We often write about the benefits of natural remedies. It is important to remember, however, that nearly any compound that has desirable effects might also have some effects that are unwanted. Many botanical medicines have side effects. They may also interact with other medications. One reader reported a frightening nosebleed as a consequence of treatment with turmeric.
Turmeric and Bleeding:
Q. My husband was taking turmeric for its anti-inflammatory properties and it gave him good relief from his daily nagging arthritis pain. Then he got a frightening nosebleed that was hard to stop. We went to be seen at an urgent care center but were eventually able to stop the bleeding on our own.
As others have said, the only thing we could attribute it to was the turmeric. He has not had another nosebleed since stopping the turmeric.
Turmeric Fights Inflammation:
A. The Indian spice turmeric (used in curry) and its active ingredient curcumin (pronounced ker-KYOO-min) have demonstrated anti-inflammatory and anticoagulant activity (International Journal of Biological Macromolecules, Nov. 2015). A number of readers have reported increased bleeding episodes after starting daily dosing with turmeric. They ranged from nosebleeds to heavy menstrual periods.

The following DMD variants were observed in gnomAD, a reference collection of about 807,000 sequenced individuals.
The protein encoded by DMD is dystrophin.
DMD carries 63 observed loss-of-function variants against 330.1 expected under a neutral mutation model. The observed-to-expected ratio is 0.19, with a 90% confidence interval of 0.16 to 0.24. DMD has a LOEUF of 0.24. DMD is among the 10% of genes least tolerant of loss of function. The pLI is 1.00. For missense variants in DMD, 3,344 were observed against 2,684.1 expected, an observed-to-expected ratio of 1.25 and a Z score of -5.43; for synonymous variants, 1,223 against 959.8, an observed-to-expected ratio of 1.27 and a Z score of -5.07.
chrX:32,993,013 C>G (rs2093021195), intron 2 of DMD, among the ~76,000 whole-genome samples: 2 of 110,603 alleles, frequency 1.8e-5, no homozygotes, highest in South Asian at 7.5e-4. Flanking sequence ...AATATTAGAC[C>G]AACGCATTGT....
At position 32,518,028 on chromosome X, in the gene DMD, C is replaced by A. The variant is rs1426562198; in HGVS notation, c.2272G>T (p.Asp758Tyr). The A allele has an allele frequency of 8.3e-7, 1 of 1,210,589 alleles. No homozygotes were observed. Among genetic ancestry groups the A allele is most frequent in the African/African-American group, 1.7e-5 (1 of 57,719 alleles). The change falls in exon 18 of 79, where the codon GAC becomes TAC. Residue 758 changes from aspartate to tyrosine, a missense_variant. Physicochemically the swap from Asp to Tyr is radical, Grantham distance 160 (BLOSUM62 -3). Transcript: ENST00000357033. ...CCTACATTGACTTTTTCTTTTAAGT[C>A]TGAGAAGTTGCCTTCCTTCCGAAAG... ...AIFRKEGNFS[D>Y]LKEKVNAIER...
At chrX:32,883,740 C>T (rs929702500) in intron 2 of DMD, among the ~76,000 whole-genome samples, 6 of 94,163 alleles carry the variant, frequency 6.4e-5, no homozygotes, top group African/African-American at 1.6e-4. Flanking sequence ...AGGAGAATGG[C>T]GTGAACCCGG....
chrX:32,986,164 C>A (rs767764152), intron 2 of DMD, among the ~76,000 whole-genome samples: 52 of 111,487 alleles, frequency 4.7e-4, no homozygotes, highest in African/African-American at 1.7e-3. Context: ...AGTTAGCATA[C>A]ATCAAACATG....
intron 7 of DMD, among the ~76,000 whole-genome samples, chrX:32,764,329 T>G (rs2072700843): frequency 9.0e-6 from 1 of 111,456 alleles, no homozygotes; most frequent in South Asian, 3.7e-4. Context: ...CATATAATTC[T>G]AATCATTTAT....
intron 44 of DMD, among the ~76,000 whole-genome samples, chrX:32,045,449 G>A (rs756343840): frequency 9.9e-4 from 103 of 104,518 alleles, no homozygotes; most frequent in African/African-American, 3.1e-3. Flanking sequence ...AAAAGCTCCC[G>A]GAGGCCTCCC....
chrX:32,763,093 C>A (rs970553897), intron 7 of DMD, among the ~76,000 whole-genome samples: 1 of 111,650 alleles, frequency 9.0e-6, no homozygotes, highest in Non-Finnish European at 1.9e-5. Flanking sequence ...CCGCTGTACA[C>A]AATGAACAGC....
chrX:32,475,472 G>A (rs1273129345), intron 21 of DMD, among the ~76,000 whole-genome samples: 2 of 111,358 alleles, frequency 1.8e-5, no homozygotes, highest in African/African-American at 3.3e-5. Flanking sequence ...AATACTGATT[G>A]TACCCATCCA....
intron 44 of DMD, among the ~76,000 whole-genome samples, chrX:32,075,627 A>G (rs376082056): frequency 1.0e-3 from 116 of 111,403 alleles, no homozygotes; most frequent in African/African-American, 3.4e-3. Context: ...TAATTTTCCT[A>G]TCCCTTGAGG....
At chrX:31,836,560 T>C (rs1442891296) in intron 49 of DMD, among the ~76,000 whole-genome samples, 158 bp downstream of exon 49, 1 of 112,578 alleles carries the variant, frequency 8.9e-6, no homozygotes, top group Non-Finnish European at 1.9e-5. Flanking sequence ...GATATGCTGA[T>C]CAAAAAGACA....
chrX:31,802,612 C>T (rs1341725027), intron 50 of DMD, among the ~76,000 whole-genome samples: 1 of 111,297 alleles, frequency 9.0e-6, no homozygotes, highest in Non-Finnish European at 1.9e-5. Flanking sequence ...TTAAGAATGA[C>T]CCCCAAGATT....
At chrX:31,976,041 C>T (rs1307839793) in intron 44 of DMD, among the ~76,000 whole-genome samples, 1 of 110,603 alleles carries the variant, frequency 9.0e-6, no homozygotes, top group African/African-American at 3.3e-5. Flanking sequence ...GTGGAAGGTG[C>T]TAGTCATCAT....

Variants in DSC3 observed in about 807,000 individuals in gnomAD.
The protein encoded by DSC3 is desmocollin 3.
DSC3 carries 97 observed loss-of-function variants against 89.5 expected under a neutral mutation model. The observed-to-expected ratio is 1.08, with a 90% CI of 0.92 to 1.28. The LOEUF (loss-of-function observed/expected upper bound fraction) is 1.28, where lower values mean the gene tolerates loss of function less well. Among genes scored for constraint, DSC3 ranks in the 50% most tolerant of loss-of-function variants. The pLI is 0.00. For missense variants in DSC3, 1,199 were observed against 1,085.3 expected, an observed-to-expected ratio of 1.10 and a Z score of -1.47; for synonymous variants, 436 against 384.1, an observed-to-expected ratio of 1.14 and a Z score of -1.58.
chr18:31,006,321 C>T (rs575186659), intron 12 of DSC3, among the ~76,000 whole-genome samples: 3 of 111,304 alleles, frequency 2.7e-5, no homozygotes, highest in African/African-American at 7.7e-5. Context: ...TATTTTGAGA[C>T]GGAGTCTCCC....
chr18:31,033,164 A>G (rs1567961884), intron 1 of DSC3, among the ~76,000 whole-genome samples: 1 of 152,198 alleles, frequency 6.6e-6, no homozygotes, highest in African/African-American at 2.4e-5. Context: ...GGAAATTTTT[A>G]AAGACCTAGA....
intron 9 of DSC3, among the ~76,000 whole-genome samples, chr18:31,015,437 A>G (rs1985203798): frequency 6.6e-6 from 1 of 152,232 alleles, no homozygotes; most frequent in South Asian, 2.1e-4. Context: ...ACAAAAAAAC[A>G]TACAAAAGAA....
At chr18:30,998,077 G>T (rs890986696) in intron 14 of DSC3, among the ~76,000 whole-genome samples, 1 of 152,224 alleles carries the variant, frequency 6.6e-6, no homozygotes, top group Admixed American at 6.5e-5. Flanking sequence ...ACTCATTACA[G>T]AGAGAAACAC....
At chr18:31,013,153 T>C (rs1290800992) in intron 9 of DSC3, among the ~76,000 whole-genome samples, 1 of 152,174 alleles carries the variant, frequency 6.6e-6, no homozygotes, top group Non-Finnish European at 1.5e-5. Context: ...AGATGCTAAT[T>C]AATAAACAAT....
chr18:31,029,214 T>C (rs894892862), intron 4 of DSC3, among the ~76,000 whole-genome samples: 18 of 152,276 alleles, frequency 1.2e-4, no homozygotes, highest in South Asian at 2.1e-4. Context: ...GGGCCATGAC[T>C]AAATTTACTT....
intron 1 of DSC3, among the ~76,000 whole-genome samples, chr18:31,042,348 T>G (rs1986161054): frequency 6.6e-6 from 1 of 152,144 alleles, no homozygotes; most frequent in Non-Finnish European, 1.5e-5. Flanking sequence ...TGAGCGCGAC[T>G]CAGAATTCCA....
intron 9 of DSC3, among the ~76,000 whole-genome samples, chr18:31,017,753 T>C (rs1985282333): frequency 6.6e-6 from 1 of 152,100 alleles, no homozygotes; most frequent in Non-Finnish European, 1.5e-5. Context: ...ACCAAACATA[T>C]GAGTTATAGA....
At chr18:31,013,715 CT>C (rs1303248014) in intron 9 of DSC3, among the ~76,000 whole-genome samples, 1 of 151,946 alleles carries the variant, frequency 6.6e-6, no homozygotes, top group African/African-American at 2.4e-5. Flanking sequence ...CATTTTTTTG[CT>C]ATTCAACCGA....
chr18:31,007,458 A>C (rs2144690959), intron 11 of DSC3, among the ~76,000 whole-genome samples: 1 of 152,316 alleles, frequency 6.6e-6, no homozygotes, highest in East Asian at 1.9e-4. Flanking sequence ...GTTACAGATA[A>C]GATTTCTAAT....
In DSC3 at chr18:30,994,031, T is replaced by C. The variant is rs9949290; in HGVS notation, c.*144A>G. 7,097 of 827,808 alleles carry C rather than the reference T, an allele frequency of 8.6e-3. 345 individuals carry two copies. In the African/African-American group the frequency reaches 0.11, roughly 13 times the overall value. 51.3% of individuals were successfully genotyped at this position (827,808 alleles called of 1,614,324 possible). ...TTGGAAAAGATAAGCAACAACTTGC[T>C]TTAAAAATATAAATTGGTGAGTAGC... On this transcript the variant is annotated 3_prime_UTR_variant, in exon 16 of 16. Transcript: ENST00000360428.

Beware Interactions with Anticoagulants:
People taking prescription blood thinners such as warfarin (Coumadin) together with turmeric may be especially prone to problems. Some have reported dangerous increases in their INR readings, a measure of the anticoagulation effect of the medicine.
Warfarin & Curry:
One person wrote:
“I am taking warfarin. I had an elevated INR after I had two meals of curry in an Asian restaurant. After I stopped eating curry, my blood work returned to normal.”
Don’t Mix and Match:
We warn readers taking warfarin to avoid adding either turmeric or the more concentrated compound curcumin to their regimen, as it could result in dangerous bleeding. It is not clear, however, whether the turmeric on its own could increase anticoagulation, or whether this effect is due to its impact on the metabolism of the warfarin. A study in rats showed that curcumin increased the blood levels and activity of both warfarin and clopidogrel (Plavix) (Planta Medica, July, 2013).
We suggest that readers on anticoagulant medication avoid taking turmeric or curcumin as supplements so they don’t end up with a frightening nosebleed. Others may need to judge by their own experience whether they are susceptible to such a side effect.